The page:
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Three by Graham Greene

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					Three By Graham Green (The Ministry Of Fear, The Confidential Agent &
This Gun For Hire) by Graham Greene (Hardcover - 1964), may well be the
easiest way to find these three set-in-England, all now hard to find,
novels. They can best all be described as British crime drama/thrillers,
written early in his career by much honored twentieth century English
author/screen writer Graham Greene (The Third Man, The end of the affair.
But this compendium is neither cheap nor easy to find itself.

"The Ministry of Fear," (1943) is set in wartime England. Arthur Rowe
is released back into the country after serving two years in a mental
asylum for the mercy killing of his terminally ill wife. Despite the
attention given him by psychiatric professionals, he is still rather
immature and self-centered. Somehow, at a local garden fete, he stumbles
across a murderous Nazi spy ring, by correctly guessing the weight of a
cake - made with real eggs, we are repeatedly told. As Rowe appears to
be substantially friendless, he doesn't know where to turn; but stakes
his survival on that well-known British ability to muddle through. First
he consults Mr. Rennet at "Orthotex: Long Established Private Inquiry
Bureau" that generally does divorce work. Then, in his shambling way,
Rowe finds himself at the offices of Comforts of the Free Mothers, where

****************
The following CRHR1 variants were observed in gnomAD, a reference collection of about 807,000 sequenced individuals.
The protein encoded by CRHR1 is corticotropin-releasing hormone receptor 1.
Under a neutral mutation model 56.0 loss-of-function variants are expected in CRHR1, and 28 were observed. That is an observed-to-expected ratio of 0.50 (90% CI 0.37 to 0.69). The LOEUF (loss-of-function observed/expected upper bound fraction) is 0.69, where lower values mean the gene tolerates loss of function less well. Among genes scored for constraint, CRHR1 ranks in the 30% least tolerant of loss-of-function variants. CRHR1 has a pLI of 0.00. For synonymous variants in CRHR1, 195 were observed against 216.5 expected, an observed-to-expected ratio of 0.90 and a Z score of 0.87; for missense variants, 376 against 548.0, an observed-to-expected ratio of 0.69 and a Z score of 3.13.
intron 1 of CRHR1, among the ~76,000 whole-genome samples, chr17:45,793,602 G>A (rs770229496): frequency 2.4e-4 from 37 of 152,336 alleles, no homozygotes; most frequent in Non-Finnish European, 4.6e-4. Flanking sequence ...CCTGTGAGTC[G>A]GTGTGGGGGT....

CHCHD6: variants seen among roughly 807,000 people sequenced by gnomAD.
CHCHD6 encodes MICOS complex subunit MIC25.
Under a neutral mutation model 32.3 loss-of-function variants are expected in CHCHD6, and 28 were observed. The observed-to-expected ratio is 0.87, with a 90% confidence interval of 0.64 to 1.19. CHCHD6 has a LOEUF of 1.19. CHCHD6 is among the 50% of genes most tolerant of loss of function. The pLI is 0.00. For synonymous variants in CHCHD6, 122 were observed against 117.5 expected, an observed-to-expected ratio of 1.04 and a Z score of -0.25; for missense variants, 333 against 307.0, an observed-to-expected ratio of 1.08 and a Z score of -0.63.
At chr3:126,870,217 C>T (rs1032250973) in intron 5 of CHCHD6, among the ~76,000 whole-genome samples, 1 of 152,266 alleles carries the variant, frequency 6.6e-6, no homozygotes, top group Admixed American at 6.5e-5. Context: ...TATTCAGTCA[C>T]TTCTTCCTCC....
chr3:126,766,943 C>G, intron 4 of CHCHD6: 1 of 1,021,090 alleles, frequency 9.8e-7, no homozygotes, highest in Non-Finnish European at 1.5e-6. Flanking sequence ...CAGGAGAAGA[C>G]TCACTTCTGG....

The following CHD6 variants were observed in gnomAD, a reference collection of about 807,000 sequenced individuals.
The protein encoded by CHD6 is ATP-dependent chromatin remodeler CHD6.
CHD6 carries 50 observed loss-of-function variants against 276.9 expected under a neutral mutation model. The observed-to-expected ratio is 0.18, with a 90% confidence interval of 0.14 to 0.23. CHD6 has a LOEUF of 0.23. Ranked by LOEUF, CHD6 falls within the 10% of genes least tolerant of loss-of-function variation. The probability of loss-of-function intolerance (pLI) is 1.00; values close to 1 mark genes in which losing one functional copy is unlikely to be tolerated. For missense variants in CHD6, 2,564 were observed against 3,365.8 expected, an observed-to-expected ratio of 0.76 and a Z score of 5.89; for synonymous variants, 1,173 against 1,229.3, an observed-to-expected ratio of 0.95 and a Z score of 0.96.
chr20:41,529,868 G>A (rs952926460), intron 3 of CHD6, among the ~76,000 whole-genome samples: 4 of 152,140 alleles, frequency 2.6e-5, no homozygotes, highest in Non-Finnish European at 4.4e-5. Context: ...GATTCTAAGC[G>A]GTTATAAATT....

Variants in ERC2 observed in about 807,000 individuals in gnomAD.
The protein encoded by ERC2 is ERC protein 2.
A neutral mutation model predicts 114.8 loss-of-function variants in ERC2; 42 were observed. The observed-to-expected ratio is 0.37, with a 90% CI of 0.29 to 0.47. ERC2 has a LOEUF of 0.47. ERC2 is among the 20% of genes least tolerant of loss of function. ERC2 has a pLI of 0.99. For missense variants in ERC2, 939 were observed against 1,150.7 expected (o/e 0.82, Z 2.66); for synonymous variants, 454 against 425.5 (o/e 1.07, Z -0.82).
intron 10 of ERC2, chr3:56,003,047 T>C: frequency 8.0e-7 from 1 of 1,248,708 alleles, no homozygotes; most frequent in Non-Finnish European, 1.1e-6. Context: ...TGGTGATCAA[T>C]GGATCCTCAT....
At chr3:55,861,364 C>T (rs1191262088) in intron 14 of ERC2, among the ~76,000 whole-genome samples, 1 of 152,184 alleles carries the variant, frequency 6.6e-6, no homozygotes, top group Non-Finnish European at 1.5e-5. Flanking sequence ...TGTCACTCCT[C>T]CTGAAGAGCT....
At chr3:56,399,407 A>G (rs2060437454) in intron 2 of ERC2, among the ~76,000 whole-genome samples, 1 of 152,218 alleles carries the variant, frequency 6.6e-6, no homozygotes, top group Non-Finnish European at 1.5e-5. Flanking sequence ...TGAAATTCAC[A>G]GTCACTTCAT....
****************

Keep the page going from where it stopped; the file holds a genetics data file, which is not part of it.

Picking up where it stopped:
he meets a brother/sister pair of Austrian refugees, Anna and Willie
Hilfe. And at Mrs. Bellairs' fortune telling séance, where he meets a
Dr. Forester, and a man going by the names of Cost/ Travers or Ford; and
foul deeds are afoot. Mr. Rennet, of Orthotex, the employee Rennet
assigns to Rowe's case, Mr. Jones, and most everyone else Rowe meets, as
he tries to sort things out, will most likely regret having met Rowe.

"The Confidential Agent," (1939), is also set in England, a country then
close to the start of World War II, whether it was aware of it or not: the so-
called ―Phony War‖ would break out in September, 1939.

Denard, the otherwise unnamed protagonist of CONFIDENTIAL AGENT is a
Spanish academic who has done some distinguished work in his field. But
he is now acting as the confidential agent of the liberal Spanish
government, then embroiled in struggle against right-wing rebels led by
the fascist Francisco Franco: a smaller but no less intense war, on the eve
of World War II. That war, on the Iberian Peninsula, has come to be known
as the Spanish Civil War. It deeply appealed to left-wingers all around the
globe, who went there to man whole brigades – the American one was
known as the Abraham Lincoln—in the early armed struggle against
fascism. However, the confidential agent has been sent to the United
Kingdom, then still at peace, to try to buy desperately-needed coal for
the citizens of his home country, and its armies. He will bring his war with
him, as the fascists send agents to try to prevent his successful purchase.
And, probably, needless to say, the fascists will play dirty. Also, perhaps
needless to say, this being an early Greene work, the confidential agent,
widowed when the fascists mistakenly executed his wife, will meet a girl,
Rose Cullen, daughter of one of the most powerful mine owners in the
land.


The protagonist/anti-hero of THIS GUN FOR HIRE (1936) is Christian